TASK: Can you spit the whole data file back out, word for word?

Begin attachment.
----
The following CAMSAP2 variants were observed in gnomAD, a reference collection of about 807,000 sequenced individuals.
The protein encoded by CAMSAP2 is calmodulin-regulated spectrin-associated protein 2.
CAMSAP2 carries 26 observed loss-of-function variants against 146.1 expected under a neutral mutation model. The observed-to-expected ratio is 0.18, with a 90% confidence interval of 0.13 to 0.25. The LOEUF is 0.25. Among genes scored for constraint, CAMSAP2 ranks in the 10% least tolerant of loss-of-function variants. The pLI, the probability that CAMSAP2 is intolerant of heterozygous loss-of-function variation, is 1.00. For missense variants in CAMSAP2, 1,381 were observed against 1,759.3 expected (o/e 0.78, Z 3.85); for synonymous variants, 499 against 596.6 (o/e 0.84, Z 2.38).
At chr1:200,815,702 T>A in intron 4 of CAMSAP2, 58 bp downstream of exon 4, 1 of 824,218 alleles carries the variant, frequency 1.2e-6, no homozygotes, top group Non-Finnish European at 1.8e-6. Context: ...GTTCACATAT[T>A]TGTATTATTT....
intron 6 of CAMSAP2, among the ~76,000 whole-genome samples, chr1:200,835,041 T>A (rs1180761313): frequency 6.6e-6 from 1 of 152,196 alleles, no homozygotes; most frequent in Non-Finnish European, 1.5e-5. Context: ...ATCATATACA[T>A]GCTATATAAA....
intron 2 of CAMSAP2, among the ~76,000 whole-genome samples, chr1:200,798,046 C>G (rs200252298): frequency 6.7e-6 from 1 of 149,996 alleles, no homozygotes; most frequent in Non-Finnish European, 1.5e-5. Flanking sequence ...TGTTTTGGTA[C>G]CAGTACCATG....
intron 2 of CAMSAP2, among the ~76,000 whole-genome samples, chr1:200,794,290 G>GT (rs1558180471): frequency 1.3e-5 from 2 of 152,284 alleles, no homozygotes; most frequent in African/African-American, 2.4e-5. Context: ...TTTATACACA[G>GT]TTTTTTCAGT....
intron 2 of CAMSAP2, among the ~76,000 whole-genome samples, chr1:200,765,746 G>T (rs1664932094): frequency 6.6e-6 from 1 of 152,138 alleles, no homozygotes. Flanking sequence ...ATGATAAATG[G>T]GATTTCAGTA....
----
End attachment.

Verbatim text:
The following CAMSAP2 variants were observed in gnomAD, a reference collection of about 807,000 sequenced individuals.
The protein encoded by CAMSAP2 is calmodulin-regulated spectrin-associated protein 2.
CAMSAP2 carries 26 observed loss-of-function variants against 146.1 expected under a neutral mutation model. The observed-to-expected ratio is 0.18, with a 90% confidence interval of 0.13 to 0.25. The LOEUF is 0.25. Among genes scored for constraint, CAMSAP2 ranks in the 10% least tolerant of loss-of-function variants. The pLI, the probability that CAMSAP2 is intolerant of heterozygous loss-of-function variation, is 1.00. For missense variants in CAMSAP2, 1,381 were observed against 1,759.3 expected (o/e 0.78, Z 3.85); for synonymous variants, 499 against 596.6 (o/e 0.84, Z 2.38).
At chr1:200,815,702 T>A in intron 4 of CAMSAP2, 58 bp downstream of exon 4, 1 of 824,218 alleles carries the variant, frequency 1.2e-6, no homozygotes, top group Non-Finnish European at 1.8e-6. Context: ...GTTCACATAT[T>A]TGTATTATTT....
intron 6 of CAMSAP2, among the ~76,000 whole-genome samples, chr1:200,835,041 T>A (rs1180761313): frequency 6.6e-6 from 1 of 152,196 alleles, no homozygotes; most frequent in Non-Finnish European, 1.5e-5. Context: ...ATCATATACA[T>A]GCTATATAAA....
intron 2 of CAMSAP2, among the ~76,000 whole-genome samples, chr1:200,798,046 C>G (rs200252298): frequency 6.7e-6 from 1 of 149,996 alleles, no homozygotes; most frequent in Non-Finnish European, 1.5e-5. Flanking sequence ...TGTTTTGGTA[C>G]CAGTACCATG....
intron 2 of CAMSAP2, among the ~76,000 whole-genome samples, chr1:200,794,290 G>GT (rs1558180471): frequency 1.3e-5 from 2 of 152,284 alleles, no homozygotes; most frequent in African/African-American, 2.4e-5. Context: ...TTTATACACA[G>GT]TTTTTTCAGT....
intron 2 of CAMSAP2, among the ~76,000 whole-genome samples, chr1:200,765,746 G>T (rs1664932094): frequency 6.6e-6 from 1 of 152,138 alleles, no homozygotes. Flanking sequence ...ATGATAAATG[G>T]GATTTCAGTA....